FCC proposes $116 million fine for scheme involving robocalls, traffic pumping and attacks on telephone systems – Telecoms, Mobile and Cable Communications

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In its latest salvo to crack down on illegal robocalls, the FCC has proposed a $116 million fine for an alleged scheme that combines robocalls and traffic pumping to fund phone denial-of-service (TDoS) attacks against other companies. In Thomas Dorsher, ChariTel Inc., Ontel Inc. and ScammerBlaster Inc., Notice of Apparent Liability, FCC 22-57 (rel. July 14, 2022). The alleged scheme involved involved Thomas Dorsher, ChariTel Inc., Ontel Inc. and ScammerBlaster Inc.

As described by the FCC, during a two-month period in early 2021, ChariTel made approximately 10 million pre-recorded voicemail calls (robocalls) to toll-free numbers without the recipients’ consent. If the recipient did not end the call, these robocalls would play the pre-recorded message continuously until 10 a.m., effectively knocking out a line and costing the service provider toll-free the opportunity to speak to real customers on this line. Ironically, the robocalls at issue were meant to be public service announcements to warn against fraudulent calls and encouraged recipients to report such calls.

Each of these robocalls generated revenue for ChariTel under its revenue sharing agreement with its local voice service provider that terminated the calls, which is the type of agreement typically used to pump traffic. Dorsher then apparently used this revenue to fund OnTel, which launched TDoS attacks against other companies. Such attacks are very dangerous as they disable telephone networks and thus can, for example, disrupt 911 service. irony of the whole scheme of using unauthorized robocalls and traffic-pumping funds to serve a (presumed) vision of justice.

FCC Bureau staff investigated 20,650 of the robocalls and verified that they violated TCPA and FCC rules, and the FCC concluded that the violation was willful and intentional. Based on the flagrant nature of the conduct, the NAL is proposing an increased penalty of $5,625 per violation (up from the normal base of $4,500), leading to the proposed total fine of $116 million. The NAL also concludes that Thomas Dorsher and ChariTel are directly liable for the breach, finding the substantiated evidence piercing the corporate veil as to Dorsher, and that OnTel and ScammerBlaster are jointly and severally liable for the penalty, as they were part of a common agreement. business and acted as a single business entity.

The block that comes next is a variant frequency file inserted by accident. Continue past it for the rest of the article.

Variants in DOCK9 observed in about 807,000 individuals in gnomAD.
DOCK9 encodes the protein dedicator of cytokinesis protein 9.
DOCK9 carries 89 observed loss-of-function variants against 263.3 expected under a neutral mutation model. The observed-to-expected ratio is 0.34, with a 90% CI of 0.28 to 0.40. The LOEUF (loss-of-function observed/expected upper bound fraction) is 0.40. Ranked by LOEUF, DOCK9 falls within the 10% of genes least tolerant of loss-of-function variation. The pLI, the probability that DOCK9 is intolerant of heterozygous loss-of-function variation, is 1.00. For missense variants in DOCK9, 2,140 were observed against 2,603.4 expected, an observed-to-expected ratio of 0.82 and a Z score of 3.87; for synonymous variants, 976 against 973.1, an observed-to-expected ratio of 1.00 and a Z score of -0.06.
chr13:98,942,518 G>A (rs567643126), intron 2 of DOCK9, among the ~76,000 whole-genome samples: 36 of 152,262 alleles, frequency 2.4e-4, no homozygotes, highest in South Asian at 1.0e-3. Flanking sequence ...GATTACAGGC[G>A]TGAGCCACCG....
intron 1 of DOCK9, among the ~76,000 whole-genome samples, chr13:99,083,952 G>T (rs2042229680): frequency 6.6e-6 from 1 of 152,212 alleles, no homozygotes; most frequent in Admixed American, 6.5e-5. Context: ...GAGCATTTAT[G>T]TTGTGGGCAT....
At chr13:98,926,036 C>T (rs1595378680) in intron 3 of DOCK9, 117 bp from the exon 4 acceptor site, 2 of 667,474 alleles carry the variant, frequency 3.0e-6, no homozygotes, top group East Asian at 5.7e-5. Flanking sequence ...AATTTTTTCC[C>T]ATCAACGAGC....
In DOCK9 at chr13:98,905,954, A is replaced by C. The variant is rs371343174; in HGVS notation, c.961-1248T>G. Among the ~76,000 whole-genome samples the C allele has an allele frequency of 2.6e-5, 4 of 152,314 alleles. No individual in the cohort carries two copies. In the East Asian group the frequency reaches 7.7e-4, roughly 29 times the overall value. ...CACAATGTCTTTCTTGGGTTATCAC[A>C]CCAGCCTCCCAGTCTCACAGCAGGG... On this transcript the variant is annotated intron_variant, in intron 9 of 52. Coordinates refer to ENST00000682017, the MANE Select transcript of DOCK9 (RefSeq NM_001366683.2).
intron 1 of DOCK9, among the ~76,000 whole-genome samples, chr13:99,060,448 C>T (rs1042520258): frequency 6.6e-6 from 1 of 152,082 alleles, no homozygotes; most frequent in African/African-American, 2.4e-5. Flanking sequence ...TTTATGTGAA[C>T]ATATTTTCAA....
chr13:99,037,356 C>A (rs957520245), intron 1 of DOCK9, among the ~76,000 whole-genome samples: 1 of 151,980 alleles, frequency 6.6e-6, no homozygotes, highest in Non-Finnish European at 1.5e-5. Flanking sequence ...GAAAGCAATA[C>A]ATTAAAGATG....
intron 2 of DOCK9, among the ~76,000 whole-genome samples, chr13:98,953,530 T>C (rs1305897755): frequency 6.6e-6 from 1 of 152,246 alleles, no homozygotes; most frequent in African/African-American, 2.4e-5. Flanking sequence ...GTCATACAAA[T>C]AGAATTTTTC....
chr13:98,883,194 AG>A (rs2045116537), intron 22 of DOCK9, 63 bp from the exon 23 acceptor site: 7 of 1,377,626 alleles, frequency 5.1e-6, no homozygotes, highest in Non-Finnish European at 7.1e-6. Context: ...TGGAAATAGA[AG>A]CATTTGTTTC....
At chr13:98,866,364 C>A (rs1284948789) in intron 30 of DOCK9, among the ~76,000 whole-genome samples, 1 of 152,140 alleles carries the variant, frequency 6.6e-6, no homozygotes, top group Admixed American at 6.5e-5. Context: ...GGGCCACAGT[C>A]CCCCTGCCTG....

As this NAL reconfirms, alongside the recent initiation of legal action against those responsible for billions of robocalls for auto warranties, the FCC, armed with the powers conferred on it by the TRACED Act to fight against illegal robocalls, is more than serious about this consumer protection. priority.

Disclaimer: This alert has been prepared and posted for informational purposes only and is not offered and should not be construed as legal advice. For more information, please see the full disclaimer.

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